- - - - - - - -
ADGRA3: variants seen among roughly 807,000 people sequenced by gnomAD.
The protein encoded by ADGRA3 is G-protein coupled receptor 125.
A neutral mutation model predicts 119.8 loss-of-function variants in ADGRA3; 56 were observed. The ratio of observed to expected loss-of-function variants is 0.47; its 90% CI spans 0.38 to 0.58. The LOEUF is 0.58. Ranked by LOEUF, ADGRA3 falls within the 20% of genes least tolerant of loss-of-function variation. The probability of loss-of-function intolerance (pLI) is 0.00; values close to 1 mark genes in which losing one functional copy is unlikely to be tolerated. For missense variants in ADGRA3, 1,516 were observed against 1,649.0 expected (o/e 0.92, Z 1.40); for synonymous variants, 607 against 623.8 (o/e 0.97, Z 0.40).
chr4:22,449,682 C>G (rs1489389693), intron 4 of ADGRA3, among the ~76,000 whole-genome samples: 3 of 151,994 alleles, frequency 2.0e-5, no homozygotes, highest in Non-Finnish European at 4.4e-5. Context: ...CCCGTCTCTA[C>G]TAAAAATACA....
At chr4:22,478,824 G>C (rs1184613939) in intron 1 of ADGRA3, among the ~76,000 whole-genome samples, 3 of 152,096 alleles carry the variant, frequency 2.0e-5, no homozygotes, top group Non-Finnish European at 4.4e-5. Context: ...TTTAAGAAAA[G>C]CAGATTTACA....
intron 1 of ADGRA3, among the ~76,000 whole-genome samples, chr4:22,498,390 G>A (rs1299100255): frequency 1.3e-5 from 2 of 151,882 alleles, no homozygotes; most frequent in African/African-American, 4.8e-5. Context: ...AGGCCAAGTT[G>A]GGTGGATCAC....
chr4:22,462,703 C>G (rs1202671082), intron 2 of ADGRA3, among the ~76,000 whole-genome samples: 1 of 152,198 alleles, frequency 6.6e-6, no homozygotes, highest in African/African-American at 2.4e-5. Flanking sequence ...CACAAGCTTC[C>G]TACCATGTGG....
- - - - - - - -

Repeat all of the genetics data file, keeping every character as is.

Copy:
ADGRA3: variants seen among roughly 807,000 people sequenced by gnomAD.
The protein encoded by ADGRA3 is G-protein coupled receptor 125.
A neutral mutation model predicts 119.8 loss-of-function variants in ADGRA3; 56 were observed. The ratio of observed to expected loss-of-function variants is 0.47; its 90% CI spans 0.38 to 0.58. The LOEUF is 0.58. Ranked by LOEUF, ADGRA3 falls within the 20% of genes least tolerant of loss-of-function variation. The probability of loss-of-function intolerance (pLI) is 0.00; values close to 1 mark genes in which losing one functional copy is unlikely to be tolerated. For missense variants in ADGRA3, 1,516 were observed against 1,649.0 expected (o/e 0.92, Z 1.40); for synonymous variants, 607 against 623.8 (o/e 0.97, Z 0.40).
chr4:22,449,682 C>G (rs1489389693), intron 4 of ADGRA3, among the ~76,000 whole-genome samples: 3 of 151,994 alleles, frequency 2.0e-5, no homozygotes, highest in Non-Finnish European at 4.4e-5. Context: ...CCCGTCTCTA[C>G]TAAAAATACA....
At chr4:22,478,824 G>C (rs1184613939) in intron 1 of ADGRA3, among the ~76,000 whole-genome samples, 3 of 152,096 alleles carry the variant, frequency 2.0e-5, no homozygotes, top group Non-Finnish European at 4.4e-5. Context: ...TTTAAGAAAA[G>C]CAGATTTACA....
intron 1 of ADGRA3, among the ~76,000 whole-genome samples, chr4:22,498,390 G>A (rs1299100255): frequency 1.3e-5 from 2 of 151,882 alleles, no homozygotes; most frequent in African/African-American, 4.8e-5. Context: ...AGGCCAAGTT[G>A]GGTGGATCAC....
chr4:22,462,703 C>G (rs1202671082), intron 2 of ADGRA3, among the ~76,000 whole-genome samples: 1 of 152,198 alleles, frequency 6.6e-6, no homozygotes, highest in African/African-American at 2.4e-5. Flanking sequence ...CACAAGCTTC[C>G]TACCATGTGG....